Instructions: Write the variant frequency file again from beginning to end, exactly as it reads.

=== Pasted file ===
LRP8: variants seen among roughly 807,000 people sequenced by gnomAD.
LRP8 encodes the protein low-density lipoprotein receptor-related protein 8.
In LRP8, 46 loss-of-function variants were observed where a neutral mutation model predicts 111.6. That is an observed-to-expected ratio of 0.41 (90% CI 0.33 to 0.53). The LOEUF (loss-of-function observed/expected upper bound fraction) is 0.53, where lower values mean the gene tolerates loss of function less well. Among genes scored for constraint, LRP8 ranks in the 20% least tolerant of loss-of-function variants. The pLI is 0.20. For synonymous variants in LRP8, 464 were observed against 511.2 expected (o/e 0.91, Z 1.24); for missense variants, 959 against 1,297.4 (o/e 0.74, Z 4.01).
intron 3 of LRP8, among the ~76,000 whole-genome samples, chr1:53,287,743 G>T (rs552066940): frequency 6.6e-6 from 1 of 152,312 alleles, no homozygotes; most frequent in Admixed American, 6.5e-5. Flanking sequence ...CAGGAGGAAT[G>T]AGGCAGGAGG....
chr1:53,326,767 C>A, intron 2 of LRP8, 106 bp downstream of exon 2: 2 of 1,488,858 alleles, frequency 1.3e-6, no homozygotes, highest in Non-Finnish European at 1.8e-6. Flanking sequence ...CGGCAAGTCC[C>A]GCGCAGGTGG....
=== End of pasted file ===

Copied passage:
LRP8: variants seen among roughly 807,000 people sequenced by gnomAD.
LRP8 encodes the protein low-density lipoprotein receptor-related protein 8.
In LRP8, 46 loss-of-function variants were observed where a neutral mutation model predicts 111.6. That is an observed-to-expected ratio of 0.41 (90% CI 0.33 to 0.53). The LOEUF (loss-of-function observed/expected upper bound fraction) is 0.53, where lower values mean the gene tolerates loss of function less well. Among genes scored for constraint, LRP8 ranks in the 20% least tolerant of loss-of-function variants. The pLI is 0.20. For synonymous variants in LRP8, 464 were observed against 511.2 expected (o/e 0.91, Z 1.24); for missense variants, 959 against 1,297.4 (o/e 0.74, Z 4.01).
intron 3 of LRP8, among the ~76,000 whole-genome samples, chr1:53,287,743 G>T (rs552066940): frequency 6.6e-6 from 1 of 152,312 alleles, no homozygotes; most frequent in Admixed American, 6.5e-5. Flanking sequence ...CAGGAGGAAT[G>T]AGGCAGGAGG....
chr1:53,326,767 C>A, intron 2 of LRP8, 106 bp downstream of exon 2: 2 of 1,488,858 alleles, frequency 1.3e-6, no homozygotes, highest in Non-Finnish European at 1.8e-6. Flanking sequence ...CGGCAAGTCC[C>A]GCGCAGGTGG....